EU fears dropping affect in Latin America with weak commerce offers
- September 27, 2022
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Amazon deforestation concerns hamper negotiations with Brazil on Mercosur pact
The president of the European Commission has promised a firmer trade policy to fight China’s global influence. But when Ursula von der Leyen announced her plans, she didn’t mention the stalled trade pact with Mercosur, Latin America’s biggest trading bloc.
Speaking in Strasbourg this month, Von der Leyen said he will present trade agreements with Mexico, Chile and New Zealand for ratification by the European Parliament and member states and will continue talks with Australia and India.
But the comprehensive 2019 pact with the South American bloc of Mercosur was ignored. Mercosur includes Brazil and Argentina, two of the largest economies in a region where Chinese trade and investment have grown significantly over the past two decades.
Brussels awaits election results in Brazil
Brussels awaits the outcome of Brazil’s presidential election in October, insisting that Brasilia sign a separate pledge to protect the Amazon before ratifying the Mercosur deal.
Polls suggest leftist Luiz Inácio Lula da Silva will defeat right-wing populist Jair Bolsonaro, who has strained relations with most European Union leaders over his failure to curb deforestation and support indigenous peoples’ rights.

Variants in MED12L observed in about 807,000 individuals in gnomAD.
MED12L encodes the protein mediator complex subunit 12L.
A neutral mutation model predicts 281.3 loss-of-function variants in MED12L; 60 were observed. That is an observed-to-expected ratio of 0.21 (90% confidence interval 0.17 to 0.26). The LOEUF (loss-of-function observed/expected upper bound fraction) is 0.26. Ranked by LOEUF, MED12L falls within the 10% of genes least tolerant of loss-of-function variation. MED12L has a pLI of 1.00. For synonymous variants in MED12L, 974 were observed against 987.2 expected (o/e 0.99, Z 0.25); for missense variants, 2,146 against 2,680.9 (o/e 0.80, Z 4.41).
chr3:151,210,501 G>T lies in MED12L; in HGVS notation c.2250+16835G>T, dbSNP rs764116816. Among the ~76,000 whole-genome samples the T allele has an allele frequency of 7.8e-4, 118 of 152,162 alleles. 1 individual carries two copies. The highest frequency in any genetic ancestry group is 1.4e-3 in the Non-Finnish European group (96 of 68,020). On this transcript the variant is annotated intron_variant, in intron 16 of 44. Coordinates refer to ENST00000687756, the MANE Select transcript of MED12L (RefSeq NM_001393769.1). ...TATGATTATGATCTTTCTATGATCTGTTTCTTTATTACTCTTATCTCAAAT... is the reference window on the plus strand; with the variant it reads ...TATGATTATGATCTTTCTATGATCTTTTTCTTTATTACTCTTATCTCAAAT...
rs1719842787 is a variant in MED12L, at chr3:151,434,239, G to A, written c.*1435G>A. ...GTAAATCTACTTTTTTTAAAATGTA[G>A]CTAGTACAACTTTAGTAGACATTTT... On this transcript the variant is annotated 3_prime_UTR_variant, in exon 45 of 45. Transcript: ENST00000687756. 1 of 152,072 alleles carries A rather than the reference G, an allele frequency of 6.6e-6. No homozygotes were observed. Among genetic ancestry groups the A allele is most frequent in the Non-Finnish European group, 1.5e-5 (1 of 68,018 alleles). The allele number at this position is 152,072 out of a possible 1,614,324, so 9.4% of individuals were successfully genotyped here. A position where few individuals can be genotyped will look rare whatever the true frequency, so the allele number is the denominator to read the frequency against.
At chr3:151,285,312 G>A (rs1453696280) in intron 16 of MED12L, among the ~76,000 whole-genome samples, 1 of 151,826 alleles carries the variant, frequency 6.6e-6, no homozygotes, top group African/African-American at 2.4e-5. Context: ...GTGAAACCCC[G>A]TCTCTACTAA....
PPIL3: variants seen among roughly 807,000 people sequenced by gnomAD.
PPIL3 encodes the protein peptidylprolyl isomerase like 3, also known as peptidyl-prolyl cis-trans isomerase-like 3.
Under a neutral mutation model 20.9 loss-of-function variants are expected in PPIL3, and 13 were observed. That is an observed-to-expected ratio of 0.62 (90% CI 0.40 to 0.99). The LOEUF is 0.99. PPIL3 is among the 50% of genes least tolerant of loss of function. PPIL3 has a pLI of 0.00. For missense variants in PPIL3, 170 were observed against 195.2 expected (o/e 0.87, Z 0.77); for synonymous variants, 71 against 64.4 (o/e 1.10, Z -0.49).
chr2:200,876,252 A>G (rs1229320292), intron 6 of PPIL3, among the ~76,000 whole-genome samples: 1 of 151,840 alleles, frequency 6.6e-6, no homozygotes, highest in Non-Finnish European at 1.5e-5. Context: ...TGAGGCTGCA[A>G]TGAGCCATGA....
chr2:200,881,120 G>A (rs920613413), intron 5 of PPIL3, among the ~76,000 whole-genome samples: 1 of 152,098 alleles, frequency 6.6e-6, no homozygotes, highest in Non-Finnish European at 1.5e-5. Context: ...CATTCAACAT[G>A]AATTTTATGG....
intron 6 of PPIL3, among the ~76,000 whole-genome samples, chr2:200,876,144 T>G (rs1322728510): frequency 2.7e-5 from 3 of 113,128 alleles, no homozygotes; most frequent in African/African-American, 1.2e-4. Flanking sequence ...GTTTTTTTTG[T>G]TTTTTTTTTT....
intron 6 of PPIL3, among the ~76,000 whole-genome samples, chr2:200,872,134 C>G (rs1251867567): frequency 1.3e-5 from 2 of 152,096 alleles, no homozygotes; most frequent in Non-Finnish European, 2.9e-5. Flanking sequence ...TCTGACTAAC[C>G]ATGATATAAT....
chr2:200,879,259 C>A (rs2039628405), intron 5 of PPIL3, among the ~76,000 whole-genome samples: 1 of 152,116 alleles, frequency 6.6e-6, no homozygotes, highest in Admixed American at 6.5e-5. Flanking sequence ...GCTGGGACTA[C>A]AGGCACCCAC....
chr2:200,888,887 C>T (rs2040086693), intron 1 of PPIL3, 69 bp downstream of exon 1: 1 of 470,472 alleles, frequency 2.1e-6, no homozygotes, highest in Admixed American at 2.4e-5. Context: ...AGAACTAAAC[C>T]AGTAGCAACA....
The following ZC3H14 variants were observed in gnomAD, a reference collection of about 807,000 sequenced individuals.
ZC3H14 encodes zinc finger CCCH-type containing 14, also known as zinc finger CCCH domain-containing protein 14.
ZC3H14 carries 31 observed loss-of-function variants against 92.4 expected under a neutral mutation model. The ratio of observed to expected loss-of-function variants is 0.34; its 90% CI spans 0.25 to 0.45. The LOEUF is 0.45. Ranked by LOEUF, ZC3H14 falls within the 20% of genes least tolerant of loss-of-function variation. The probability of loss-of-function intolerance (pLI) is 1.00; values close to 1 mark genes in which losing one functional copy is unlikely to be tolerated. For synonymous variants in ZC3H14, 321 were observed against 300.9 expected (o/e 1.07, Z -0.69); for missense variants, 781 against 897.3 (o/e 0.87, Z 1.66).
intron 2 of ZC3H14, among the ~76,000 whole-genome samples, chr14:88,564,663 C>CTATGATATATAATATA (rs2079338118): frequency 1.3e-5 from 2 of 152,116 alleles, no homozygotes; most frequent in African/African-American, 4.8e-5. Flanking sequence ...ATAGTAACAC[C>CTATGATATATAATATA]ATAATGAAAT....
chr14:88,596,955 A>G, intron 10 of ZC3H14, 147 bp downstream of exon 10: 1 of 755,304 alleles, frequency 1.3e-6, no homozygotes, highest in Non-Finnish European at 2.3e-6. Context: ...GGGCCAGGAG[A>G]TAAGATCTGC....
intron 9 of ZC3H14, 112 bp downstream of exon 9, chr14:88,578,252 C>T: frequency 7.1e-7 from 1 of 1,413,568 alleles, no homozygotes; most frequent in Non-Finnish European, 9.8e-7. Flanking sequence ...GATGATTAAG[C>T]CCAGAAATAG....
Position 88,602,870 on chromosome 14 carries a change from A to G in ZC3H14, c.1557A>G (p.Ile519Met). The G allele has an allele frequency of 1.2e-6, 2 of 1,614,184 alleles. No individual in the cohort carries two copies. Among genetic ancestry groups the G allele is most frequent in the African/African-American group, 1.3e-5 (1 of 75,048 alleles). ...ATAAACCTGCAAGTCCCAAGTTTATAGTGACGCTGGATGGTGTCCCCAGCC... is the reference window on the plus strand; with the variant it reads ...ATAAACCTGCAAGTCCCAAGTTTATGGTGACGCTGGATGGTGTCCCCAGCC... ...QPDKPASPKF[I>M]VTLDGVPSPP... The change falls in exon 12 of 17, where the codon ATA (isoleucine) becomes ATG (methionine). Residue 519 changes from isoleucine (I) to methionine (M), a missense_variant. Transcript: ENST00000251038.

But the lack of progress has worried Josep Borrell, the EU’s foreign policy chief. In July, the Spaniard prepared a confidential document for foreign ministers, seen by the Financial Times, which mapped the need for a “qualitative leap in relations” with Latin America and the Caribbean within 18 months.
He warned of a “sense of EU disengagement”. The failure to conclude trade deals “has undermined the EU’s credibility”, while “China’s presence and influence in the region has increased exponentially”.
While Lula generally favors closer ties with the EU, one of his close allies told the Financial Times that a new Lula administration would try to renegotiate parts of the Mercosur deal.
Lula, who was president for two terms from 2003 to 2010, considers the partnership with the EU “strategic for Brazil and Latin America,” said Celso Amorim, his chancellor at the time.
But Amorim, who advised Lula on foreign policy after leaving office, said a Lula administration is likely to “want some adjustments” to the pact’s text and has concerns about areas such as intellectual property protection and government procurement. “We want to make sure that nothing will stop Brazil’s technical or industrial development,” he said. “We don’t want to continue being just producers of raw materials.”
Any changes would need to be agreed upon by Brazil’s Mercosur partners –Argentina, Uruguay and Paraguay–, as well as by the 27 EU member states.
A Lula government, Amorim added, will be open to the changes desired by Europeans to strengthen clauses on climate and human rights, “as long as this does not interfere with Brazilian sovereignty.”